Sunday, November 26, 2006

Past sins, present virtues

For those unfamiliar with him, Victor Davis Hanson is one of the major voices in the pro-war camp in the US. He's a Classics academic, firm believer in the superiority of Western civilisation and has not performed any U-turns recently. Here's what he has to say about past US policies.

The United States had been far too friendly with atrocious regimes in the Middle East. And when bloodletting inevitably broke out, either internally or between aggressive regimes, too often we cynically played one side off the other. Or we backed repugnant insurgents, with little thought of the "blowback" that would result. We outsourced sophisticated arms and training to radical Islamists fighting against the Soviet-backed Afghan government.

We hoped the murderous Saddam might check the murderous Iranian theocracy -- and then again sold arms to the mullahs during the Iran-Contra affair. We breezily called for an uprising of Shi'ites and Kurds only to abandon them to be slaughtered by Saddam after the first Gulf war. We cynically gave the Mubarak dynasty of Egypt billions in protection money to behave. While we thought we were achieving short-term expediency, American policy only increased long-term instability by not pressuring these tyrants to reform failed governments.
I put this here because of a discussion I've been having with Wodge. He has pointed out, as have many others, that the US record in supporting dictators of Saddam's ilk is not a reassuring one. Agreed, though I don't find this as heinous as he obviously does. This is especially so in the Middle East where you choice of rulers is not of the widest. However, there is a more important point.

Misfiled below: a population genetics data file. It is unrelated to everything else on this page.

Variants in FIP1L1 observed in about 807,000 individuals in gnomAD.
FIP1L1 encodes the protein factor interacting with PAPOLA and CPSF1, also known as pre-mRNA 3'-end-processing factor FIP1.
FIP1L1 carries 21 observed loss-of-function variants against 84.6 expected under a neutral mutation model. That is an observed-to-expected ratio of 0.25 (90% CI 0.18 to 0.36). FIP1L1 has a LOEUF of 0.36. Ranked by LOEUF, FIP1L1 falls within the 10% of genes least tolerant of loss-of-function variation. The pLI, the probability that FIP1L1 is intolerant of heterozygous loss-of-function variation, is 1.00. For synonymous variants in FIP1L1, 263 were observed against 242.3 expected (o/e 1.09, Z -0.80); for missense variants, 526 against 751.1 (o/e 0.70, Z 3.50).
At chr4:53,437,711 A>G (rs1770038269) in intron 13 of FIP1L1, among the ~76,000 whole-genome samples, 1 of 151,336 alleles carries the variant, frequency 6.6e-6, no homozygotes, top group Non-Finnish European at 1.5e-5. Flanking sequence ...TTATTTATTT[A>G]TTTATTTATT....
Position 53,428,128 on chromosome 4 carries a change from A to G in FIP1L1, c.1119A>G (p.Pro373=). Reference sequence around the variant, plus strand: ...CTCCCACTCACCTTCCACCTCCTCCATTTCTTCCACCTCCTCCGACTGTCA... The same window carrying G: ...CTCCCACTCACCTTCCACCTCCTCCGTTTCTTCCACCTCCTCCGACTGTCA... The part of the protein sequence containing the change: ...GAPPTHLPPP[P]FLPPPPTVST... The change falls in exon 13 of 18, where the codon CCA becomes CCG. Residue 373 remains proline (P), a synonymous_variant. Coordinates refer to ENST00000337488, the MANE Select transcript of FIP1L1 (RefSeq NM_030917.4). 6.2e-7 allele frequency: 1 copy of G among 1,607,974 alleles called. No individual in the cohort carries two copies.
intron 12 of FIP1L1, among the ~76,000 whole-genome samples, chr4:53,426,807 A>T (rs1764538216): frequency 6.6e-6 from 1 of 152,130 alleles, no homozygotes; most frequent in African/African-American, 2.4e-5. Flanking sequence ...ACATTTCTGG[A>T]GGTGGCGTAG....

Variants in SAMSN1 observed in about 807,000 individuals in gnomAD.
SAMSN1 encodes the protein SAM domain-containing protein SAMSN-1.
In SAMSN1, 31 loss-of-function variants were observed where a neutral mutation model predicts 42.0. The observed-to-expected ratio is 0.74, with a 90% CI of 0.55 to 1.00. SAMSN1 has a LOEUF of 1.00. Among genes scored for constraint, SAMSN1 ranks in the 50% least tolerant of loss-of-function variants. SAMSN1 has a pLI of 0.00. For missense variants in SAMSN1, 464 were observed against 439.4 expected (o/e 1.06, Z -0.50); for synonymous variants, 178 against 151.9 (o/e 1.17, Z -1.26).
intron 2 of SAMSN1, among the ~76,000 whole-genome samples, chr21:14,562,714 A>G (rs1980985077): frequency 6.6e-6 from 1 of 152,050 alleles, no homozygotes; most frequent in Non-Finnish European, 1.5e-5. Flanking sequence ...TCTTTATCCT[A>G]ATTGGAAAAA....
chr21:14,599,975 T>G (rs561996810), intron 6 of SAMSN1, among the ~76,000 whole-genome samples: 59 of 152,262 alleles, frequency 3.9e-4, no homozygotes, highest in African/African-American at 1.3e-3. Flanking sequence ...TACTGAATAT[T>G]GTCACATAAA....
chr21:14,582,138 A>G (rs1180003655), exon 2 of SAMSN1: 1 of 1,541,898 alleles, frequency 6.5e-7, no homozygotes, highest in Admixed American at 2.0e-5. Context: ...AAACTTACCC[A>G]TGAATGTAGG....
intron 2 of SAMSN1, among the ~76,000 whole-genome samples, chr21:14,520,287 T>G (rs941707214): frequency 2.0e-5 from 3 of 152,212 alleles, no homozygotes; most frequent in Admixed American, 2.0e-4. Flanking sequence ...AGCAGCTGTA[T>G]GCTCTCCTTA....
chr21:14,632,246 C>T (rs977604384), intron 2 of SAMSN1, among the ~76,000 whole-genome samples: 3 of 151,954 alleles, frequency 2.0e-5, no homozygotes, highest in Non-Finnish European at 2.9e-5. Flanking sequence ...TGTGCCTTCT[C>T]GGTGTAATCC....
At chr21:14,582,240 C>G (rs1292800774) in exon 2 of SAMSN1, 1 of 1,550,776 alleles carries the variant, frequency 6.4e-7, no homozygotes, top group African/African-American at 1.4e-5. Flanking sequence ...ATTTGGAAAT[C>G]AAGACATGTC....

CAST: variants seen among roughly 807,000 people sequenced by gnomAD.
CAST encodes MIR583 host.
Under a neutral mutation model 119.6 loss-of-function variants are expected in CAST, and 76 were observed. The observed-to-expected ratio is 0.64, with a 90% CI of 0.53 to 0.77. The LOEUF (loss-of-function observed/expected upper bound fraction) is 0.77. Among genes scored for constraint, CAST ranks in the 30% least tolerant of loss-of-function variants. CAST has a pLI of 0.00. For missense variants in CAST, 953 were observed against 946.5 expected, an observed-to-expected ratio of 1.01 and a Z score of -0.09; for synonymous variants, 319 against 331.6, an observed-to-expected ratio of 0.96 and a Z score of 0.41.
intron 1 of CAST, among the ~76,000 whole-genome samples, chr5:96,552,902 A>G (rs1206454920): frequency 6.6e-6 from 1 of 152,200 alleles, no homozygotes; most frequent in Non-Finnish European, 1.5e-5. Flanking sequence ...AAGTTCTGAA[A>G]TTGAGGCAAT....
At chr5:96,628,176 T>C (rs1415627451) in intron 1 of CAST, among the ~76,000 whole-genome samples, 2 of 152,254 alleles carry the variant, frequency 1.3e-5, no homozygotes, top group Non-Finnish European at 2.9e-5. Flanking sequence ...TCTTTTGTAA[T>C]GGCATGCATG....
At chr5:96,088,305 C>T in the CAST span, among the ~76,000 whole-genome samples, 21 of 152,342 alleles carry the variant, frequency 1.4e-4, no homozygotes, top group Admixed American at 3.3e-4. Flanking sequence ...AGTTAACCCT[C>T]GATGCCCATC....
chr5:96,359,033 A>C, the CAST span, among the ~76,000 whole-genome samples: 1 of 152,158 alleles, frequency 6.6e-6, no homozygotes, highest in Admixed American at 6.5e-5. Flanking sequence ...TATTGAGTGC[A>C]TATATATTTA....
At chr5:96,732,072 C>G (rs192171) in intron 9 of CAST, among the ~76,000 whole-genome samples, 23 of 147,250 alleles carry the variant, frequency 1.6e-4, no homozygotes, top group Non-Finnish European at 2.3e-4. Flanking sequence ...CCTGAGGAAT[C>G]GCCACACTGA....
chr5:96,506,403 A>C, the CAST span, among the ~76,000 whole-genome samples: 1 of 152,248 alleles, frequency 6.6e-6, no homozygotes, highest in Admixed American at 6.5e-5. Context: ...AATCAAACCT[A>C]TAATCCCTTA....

The alternative to the Bush doctrine of "trying to help democratic reformers" is the old 'realism' outlined by Hanson above. That is, from a range of nasties, you help the nasty least dangerous for your own interests. The alternative is not, as is often implied, leaving them all alone because that would be the decent thing to do. It would not.

The result would be, now more than ever, the growth of regimes not only antithetical to our values, but dangerous to their own people and to the rest of the world. With the Middle East on the verge of a nuclear arms race, with its unemployed, alienated masses of young men and a well-developed ideology and methodology for turning them into weapons, the prospect of the US withdrawing into itself is truly frightening.

No comments: